How to Detect a Candidate’s Leadership Potential
In the war for talent, it is crucial for organizations to fill their talent pipelines with high-potential candidates who have what it takes to rise to – and succeed in — leadership roles.
Most organizations have systems in place to measure performance and leadership potential once a candidate becomes an employee, but few employers consider the importance of measuring such potential during the interview stage. And yet, doing so can reduce the risk of recruiting the wrong candidates or realizing, a few years down the line, that the company has not prepared an appropriate leadership pipeline.
Recruiters can play strategic roles in their businesses by identifying candidates with great leadership potential — but how, exactly, do they go about doing this?
Potential can be defined as “the ability and aspiration of a candidate to rise to higher levels of leadership and responsibility in the organization through the continuous acquisition of new skill sets within a reasonable time frame and the cultural framework of the organization.”
When evaluating a candidate’s potential, a recruiter should pay close attention to three key factors: the candidate’s ability to acquire new leadership competencies; the candidates career aspirations; and the cultural and behavioral framework of the organization.
What Counts as Leadership in Your Company?
To assess a candidate’s ability to acquire new leadership competencies, the recruiter must first know what constitutes leadership within the company. The recruiter must also be aware of and understand the company’s long-term leadership strategies.
In order to detect leadership potential, the recruiter must go beyond a candidate’s current competencies and take a holistic look at the previous experiences of the candidate. How many roles has the candidate occupied in previous companies? Did they change roles or companies? If yes, how many times? How often? A new role — in particular, a promotion and/or an increase in responsibilities — every 2-3 years is a sign that a candidate is curious, willing to take up new challenges, and capable of delivering results.
The recruiter must also spend some time digging into the cultures of the candidate’s previous employers. What did it take to succeed in those environments, and what made the candidate an ideal person for the promotions? Will the candidate’s strengths in previous organizations translate to this particular company’s culture? These are all important considerations to weigh.
Lastly, a recruiter needs to focus on those candidates who demonstrate an ability to develop new skills and expertise in line with the company’s future evolution. Is the company planning to expand internationally in the future? If yes, focus on candidates with the potential to take on international roles. Is the company planning to restructure itself and adopt a more centralized hierarchy? Be willing to take a risk on someone who has experience in centralized organizations.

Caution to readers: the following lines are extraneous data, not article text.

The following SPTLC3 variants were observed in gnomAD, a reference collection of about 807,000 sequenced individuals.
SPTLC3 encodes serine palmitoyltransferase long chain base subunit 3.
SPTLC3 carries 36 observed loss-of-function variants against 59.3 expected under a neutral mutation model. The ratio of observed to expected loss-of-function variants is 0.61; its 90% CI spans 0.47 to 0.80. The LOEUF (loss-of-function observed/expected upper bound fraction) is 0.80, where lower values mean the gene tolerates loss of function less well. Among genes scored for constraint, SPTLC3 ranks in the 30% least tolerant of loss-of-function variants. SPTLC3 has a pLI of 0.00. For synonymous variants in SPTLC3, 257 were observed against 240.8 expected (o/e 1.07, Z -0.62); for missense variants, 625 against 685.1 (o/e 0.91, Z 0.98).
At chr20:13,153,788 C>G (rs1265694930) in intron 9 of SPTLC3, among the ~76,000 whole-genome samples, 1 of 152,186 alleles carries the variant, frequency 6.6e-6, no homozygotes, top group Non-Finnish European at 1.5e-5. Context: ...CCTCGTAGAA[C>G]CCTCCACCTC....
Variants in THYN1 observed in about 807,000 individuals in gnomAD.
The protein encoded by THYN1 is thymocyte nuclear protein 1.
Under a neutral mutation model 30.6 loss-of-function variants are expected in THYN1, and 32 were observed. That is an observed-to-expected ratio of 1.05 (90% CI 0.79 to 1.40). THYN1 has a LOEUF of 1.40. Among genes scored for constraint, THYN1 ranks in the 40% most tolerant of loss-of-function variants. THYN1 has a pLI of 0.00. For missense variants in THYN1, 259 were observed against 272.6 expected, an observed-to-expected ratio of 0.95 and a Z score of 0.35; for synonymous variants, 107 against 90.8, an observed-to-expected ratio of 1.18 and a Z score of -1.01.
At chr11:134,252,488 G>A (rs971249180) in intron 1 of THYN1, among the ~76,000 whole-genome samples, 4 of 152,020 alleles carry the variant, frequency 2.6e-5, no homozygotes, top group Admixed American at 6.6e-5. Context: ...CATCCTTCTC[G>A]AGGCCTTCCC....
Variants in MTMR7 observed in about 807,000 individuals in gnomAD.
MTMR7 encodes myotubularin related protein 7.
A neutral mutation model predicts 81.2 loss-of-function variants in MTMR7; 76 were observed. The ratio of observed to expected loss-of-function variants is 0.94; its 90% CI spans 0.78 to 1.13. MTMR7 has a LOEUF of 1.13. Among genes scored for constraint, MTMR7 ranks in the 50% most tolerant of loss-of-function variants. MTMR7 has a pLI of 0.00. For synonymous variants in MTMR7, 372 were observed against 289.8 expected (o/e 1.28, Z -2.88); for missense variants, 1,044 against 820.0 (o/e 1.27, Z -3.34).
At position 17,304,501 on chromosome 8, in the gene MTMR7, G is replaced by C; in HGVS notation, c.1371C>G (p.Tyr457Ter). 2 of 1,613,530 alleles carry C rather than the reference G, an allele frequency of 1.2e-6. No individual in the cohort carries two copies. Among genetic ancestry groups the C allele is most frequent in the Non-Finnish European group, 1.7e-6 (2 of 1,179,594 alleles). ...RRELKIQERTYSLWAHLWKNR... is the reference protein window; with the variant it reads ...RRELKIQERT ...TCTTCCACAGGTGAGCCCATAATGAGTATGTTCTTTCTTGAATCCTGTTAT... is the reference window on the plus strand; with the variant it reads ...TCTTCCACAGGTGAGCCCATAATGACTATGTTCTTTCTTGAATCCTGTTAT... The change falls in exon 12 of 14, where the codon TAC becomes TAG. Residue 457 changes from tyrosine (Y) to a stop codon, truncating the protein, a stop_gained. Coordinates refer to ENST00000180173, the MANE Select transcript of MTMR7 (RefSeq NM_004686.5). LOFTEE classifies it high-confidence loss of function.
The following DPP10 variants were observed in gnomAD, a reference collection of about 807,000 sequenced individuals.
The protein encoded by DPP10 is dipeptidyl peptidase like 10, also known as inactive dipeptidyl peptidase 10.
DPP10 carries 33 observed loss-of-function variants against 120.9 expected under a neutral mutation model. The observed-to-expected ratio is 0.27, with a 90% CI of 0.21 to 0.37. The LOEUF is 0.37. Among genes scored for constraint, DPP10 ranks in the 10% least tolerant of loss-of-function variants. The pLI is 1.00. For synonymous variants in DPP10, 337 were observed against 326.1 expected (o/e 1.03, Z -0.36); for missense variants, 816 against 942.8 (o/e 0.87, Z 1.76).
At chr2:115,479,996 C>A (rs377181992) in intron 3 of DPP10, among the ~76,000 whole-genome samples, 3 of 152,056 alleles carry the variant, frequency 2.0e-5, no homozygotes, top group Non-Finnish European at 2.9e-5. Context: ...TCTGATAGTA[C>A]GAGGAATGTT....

Gauging Your Candidate’s Aspirations
To understand a candidate’s aspiration and ambition, a recruiter must get to know the person behind the resume. What distinguishes a high-potential candidate from simple high performers is the high-potential candidate’s ambition, motivation, and long-term professional goals.
Find out what drives and motivates a candidate. What makes work meaningful in their eyes? Answers to these questions will help recruiters understand what will make a candidate stick around for the long haul.
Recruiters should also probe into the candidate’s vision for their career, as this will help recruiters better understand the candidate’s expectations. A typical high-potential candidate will demonstrate a love for fast-paced, stimulating work environments, constant challenges, and rapid personal development.
And then, once a recruiter knows what a high-potential candidate wants, they have to ask themselves: can our company offer these things? If not, that high-potential candidate isn’t going to be a good fit for the organization.
Recruiters must remember to ask the most important — but often ignored — question: why do you want to join this company?
If a candidate is intrinsically motivated to join a particular company, they will demonstrate passion for its business, products, services, and culture. They will be willing to go the extra mile, even when the going gets tough.
Remember: competencies can be taught and developed, but motivation and passion cannot.
Does the Candidate ‘Fit’?
A high-potential candidate can only bloom within the right conditions and environment. A high-potential employee in one company is not necessarily a high-potential employee in another company, even within the same sector.
Recruiters must therefore ask themselves if a candidate’s personality and values would fit in with the company’s culture and behavioral framework. Do the leaders lead by consensus? Is the company culture highly competitive and performance-driven? Is it a highly politicized environment? What is the leadership model? Will the candidate thrive in this culture?
Often, time-pressed recruiters focus on the short-term objective of filling a given role. However, by taking a longer-term, holistic view of the business — of its talent needs and of a candidate’s leadership potential — recruiters can become strategic members of the organization. They can help HR face down some real challenges and stay ahead in the race for the talent.